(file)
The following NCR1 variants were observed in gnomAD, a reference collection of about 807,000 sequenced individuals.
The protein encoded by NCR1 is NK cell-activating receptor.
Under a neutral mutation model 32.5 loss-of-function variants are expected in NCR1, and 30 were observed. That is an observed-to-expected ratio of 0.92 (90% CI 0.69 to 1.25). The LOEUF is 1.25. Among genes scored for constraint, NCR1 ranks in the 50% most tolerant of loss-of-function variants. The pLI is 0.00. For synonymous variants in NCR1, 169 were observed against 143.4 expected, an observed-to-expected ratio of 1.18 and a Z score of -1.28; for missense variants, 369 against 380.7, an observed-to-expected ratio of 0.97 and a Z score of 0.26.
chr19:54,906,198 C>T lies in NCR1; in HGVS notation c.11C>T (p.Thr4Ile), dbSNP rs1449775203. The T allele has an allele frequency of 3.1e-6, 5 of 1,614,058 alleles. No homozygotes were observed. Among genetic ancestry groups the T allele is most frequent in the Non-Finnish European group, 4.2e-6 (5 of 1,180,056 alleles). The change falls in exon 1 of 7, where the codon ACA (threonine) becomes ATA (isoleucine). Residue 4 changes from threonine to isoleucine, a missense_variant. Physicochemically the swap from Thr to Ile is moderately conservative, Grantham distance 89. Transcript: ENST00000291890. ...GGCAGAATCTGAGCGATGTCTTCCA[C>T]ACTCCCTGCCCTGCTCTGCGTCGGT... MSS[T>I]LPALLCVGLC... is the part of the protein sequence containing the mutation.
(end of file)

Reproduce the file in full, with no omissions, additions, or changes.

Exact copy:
The following NCR1 variants were observed in gnomAD, a reference collection of about 807,000 sequenced individuals.
The protein encoded by NCR1 is NK cell-activating receptor.
Under a neutral mutation model 32.5 loss-of-function variants are expected in NCR1, and 30 were observed. That is an observed-to-expected ratio of 0.92 (90% CI 0.69 to 1.25). The LOEUF is 1.25. Among genes scored for constraint, NCR1 ranks in the 50% most tolerant of loss-of-function variants. The pLI is 0.00. For synonymous variants in NCR1, 169 were observed against 143.4 expected, an observed-to-expected ratio of 1.18 and a Z score of -1.28; for missense variants, 369 against 380.7, an observed-to-expected ratio of 0.97 and a Z score of 0.26.
chr19:54,906,198 C>T lies in NCR1; in HGVS notation c.11C>T (p.Thr4Ile), dbSNP rs1449775203. The T allele has an allele frequency of 3.1e-6, 5 of 1,614,058 alleles. No homozygotes were observed. Among genetic ancestry groups the T allele is most frequent in the Non-Finnish European group, 4.2e-6 (5 of 1,180,056 alleles). The change falls in exon 1 of 7, where the codon ACA (threonine) becomes ATA (isoleucine). Residue 4 changes from threonine to isoleucine, a missense_variant. Physicochemically the swap from Thr to Ile is moderately conservative, Grantham distance 89. Transcript: ENST00000291890. ...GGCAGAATCTGAGCGATGTCTTCCA[C>T]ACTCCCTGCCCTGCTCTGCGTCGGT... MSS[T>I]LPALLCVGLC... is the part of the protein sequence containing the mutation.